Syndicated columnist Star Parker has sided with a Colorado Baker who refused to serve a gay couple.

The baker, Jack Phillips, the owner of Masterpiece Cakeshop, was found to have violated Colorado's anti-discrimination law when he refused to bake a cake for the couple's wedding reception. (The couple, Dave Mullins and Charlie Craig, married in Massachusetts, because Colorado at the time did not issue marriage licenses to gay and lesbian couples.)

Phillips, who says he's religiously opposed to same-sex marriage, appealed his case to the U.S. Supreme Court, which heard oral arguments this week.

(Related: Anthony Kennedy sends mixed signals in “gay wedding cake” case.)

In an op-ed published this week, Parker stated that it was “clear” Phillips was not opposed to the couple's sexual orientation because “he offered to make them any cake they wanted, just not one designed for a same-sex wedding.”

“I am a Christian, and I believe homosexual behavior is sinful,” Parker wrote. “But as an American, it is no more my business what is happening in my neighbor's home than it is theirs what is happening in mine.”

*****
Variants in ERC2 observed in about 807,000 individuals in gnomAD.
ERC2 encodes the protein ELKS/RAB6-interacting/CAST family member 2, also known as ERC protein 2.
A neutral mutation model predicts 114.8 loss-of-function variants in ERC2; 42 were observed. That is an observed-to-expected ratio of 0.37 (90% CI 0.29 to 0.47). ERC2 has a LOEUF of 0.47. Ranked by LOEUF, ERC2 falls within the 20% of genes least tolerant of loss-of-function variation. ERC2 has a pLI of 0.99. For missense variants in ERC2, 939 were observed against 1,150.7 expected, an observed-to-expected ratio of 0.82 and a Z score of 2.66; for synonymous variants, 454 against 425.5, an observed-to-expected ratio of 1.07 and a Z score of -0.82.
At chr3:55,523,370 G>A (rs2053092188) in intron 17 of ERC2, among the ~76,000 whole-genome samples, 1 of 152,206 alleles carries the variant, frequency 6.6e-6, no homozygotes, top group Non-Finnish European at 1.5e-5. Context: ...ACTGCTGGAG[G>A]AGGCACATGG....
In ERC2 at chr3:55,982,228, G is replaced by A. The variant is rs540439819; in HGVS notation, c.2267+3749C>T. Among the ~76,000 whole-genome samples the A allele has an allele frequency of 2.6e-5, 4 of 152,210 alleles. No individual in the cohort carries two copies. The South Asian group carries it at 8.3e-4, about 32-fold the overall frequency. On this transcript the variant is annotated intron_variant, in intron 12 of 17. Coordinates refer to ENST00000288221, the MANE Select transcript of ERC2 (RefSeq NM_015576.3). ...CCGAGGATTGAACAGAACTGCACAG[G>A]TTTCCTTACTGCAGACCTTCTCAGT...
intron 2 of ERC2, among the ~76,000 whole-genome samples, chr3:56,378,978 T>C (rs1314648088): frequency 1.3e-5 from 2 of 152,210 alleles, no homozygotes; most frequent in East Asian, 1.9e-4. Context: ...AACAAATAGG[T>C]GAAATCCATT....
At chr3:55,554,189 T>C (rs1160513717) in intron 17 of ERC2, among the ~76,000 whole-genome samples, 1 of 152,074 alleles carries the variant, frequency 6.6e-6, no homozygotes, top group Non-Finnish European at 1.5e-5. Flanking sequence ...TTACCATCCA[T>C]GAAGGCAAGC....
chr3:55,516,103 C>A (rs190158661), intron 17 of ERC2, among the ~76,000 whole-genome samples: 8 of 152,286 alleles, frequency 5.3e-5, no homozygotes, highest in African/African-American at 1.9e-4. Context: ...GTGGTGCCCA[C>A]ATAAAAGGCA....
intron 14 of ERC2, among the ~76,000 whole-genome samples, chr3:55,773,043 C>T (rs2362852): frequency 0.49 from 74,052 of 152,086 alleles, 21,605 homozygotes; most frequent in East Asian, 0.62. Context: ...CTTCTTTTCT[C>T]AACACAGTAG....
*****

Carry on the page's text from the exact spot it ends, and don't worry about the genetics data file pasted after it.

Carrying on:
“When we move into the public square, our focus needs to be freedom. Not forcing me to accepting the values of others nor them mine. We need law that allows those of different views and values to live together peacefully, mutually respecting the ideal of human liberty.”

“By this standard, how can we possibly rationalize forcing Phillips to produce a cake against his will, expressing a value anathema to his religion?”

Parker, who is African-American, added that refusing service based on sexual orientation is not the same as refusing service based on race.

“No, this is not like refusing to serve blacks in a restaurant. The spirit of that behavior is racism, the antithesis of 'securing the blessings of liberty,'” she wrote.

In 2013, Parker, 61, criticized then-President Barack Obama's support for LGBT rights, saying that it was turning Americans into “a bunch of zombies.”